Some days ago I got a call from our support engineer on duty that MySQL on one of our database servers was lagging more than 1000 seconds behind in replication and the server got kicked out of the pool because of the delay. He was unable to find out why and there was absolutely nothing in the mysql log files. When I got the call it was still lagging behind but the lag was slowly decreasing again.
After a quick peek in all our monitoring systems I isolated it to this message:
Cache Battery 0 in controller 0 is Charging (Ready) [probably harmless]
Apparently not that harmless!
Obviously we did encountered this situation a couple of times before but apparently there was no detection on this machine.
The relearn cycle happens every 90 days and gets first scheduled when the machine gets powered on. Now imagine this happening in a master-master setup where both machines were powered on at the same time. Lucky enough you can use omconfig to reschedule the cycle up to 7 days, but then you obviously need to have detection in place.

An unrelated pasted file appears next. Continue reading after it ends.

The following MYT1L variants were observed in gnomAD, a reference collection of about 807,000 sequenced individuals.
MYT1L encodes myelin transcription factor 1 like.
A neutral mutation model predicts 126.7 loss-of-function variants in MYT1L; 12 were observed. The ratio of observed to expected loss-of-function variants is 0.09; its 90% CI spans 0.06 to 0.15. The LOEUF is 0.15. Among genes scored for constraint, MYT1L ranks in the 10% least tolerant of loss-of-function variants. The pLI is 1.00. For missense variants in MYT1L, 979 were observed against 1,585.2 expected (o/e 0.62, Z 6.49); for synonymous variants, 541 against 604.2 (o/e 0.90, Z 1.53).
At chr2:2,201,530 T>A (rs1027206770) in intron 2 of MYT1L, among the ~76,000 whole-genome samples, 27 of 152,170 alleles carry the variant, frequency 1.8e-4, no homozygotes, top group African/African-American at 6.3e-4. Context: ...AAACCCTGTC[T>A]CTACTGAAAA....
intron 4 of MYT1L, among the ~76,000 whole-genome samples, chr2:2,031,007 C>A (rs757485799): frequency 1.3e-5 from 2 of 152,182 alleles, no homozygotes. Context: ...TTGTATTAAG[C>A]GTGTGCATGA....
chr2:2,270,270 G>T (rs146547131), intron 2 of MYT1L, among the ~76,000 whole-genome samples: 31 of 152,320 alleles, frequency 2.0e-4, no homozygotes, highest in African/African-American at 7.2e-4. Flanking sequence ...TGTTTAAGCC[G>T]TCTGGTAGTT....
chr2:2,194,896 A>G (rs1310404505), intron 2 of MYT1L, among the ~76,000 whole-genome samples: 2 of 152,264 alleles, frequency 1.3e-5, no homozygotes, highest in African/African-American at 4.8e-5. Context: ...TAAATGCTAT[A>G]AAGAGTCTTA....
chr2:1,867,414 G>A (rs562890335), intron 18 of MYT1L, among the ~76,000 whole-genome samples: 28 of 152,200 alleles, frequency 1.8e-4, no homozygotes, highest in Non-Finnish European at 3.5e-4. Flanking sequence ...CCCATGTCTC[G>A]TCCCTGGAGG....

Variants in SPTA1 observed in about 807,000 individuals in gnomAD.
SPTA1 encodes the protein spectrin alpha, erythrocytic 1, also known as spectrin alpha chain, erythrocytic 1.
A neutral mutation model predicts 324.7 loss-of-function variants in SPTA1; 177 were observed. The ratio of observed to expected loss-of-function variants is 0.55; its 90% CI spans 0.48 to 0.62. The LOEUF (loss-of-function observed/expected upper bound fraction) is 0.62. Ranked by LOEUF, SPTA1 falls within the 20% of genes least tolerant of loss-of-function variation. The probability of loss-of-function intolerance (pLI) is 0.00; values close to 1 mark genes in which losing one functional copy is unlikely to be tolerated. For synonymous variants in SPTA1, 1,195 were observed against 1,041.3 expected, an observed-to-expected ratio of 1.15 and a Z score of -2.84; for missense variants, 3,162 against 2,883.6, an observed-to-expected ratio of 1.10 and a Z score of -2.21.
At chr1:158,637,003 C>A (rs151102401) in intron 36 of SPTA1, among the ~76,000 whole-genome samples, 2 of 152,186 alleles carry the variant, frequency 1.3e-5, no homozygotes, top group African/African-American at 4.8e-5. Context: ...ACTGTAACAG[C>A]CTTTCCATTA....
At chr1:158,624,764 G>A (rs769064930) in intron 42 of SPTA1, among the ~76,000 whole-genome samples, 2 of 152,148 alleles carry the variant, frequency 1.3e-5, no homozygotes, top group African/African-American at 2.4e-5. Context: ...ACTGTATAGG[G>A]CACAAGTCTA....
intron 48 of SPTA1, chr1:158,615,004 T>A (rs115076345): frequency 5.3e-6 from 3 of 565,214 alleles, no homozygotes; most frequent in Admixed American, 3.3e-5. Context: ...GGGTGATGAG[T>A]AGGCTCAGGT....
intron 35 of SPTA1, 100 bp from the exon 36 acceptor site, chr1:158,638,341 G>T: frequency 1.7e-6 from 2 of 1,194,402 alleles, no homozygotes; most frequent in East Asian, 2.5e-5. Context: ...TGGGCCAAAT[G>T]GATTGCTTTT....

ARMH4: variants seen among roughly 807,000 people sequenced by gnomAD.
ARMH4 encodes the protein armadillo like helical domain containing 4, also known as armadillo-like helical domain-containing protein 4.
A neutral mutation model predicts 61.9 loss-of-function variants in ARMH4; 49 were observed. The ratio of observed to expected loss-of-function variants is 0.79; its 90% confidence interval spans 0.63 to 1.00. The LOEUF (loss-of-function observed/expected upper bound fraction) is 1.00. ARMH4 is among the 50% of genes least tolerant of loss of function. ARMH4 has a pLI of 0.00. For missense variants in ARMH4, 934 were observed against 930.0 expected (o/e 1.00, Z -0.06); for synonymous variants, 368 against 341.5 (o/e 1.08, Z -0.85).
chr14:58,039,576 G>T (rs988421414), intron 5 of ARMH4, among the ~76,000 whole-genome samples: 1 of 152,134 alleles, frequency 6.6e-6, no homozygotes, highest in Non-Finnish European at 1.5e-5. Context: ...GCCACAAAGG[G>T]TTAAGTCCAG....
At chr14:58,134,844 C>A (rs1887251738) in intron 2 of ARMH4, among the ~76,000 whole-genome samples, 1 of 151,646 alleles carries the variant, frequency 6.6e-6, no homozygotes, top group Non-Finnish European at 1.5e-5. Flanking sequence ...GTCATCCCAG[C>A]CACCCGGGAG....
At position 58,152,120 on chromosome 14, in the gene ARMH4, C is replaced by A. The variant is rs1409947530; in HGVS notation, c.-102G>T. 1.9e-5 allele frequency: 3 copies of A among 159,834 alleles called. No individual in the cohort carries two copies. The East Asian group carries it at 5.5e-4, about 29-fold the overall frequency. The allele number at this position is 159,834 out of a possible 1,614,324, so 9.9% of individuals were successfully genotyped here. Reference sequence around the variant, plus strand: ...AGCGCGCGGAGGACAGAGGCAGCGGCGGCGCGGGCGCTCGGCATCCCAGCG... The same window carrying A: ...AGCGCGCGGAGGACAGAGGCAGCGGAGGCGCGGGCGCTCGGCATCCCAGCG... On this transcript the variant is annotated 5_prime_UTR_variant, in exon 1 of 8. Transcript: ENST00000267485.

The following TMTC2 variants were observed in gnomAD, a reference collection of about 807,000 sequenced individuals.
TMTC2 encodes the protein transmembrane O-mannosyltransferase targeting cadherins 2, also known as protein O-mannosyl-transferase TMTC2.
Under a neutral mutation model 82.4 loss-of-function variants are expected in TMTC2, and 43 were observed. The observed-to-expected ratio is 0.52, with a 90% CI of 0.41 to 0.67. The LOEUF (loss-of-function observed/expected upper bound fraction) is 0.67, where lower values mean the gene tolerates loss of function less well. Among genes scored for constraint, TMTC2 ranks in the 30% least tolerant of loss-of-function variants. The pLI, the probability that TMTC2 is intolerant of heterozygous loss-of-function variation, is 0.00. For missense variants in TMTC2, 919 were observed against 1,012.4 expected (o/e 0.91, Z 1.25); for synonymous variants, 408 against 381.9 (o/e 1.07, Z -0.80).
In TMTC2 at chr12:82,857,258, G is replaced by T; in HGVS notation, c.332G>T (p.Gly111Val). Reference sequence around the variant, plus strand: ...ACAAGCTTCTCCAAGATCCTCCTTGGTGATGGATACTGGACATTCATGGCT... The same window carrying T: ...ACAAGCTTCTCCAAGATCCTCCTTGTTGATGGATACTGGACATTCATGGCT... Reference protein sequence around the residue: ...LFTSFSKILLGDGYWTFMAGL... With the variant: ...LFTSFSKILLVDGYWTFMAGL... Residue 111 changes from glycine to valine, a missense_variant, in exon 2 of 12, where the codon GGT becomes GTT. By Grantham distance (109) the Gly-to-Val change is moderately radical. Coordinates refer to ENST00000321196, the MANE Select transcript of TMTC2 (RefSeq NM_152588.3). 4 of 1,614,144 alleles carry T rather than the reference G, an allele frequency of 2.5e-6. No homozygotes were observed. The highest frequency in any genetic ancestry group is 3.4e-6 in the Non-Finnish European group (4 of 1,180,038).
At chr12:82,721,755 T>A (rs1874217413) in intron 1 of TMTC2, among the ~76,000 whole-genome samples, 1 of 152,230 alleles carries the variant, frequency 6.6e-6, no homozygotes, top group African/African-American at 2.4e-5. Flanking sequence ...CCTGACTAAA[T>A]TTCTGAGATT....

Why did nobody come up with the idea to have a dual battery backed up cache with alternating relearn cycles? That way you can have your battery relearn without the controller going back into write-through mode.
At first I thought it would be an easy problem of the master and slaves being out of sync and the row-based replication failing on not finding the row, but then I noticed all machines were actually still running statement-based replication. As far as I could recall we did that to circumvent another issue that has already been solved months ago but for some reason we never put it back to row-based replication.
A simple SHOW SLAVE STATUS revealed something similar to this:
Last_Error: Error 'Duplicate entry '272369' for key 'PRIMARY'' on query. Default database: 'userdata'. Query: 'DELETE u, uf1, uf2, up FROM `users` u LEFT JOIN `friends` uf1 ON u.id = uf1.id LEFT JOIN `friends` uf2 ON u.id = uf2.friend_id LEFT JOIN `prefs` up ON u.id = up.id WHERE u.name = 'testuser';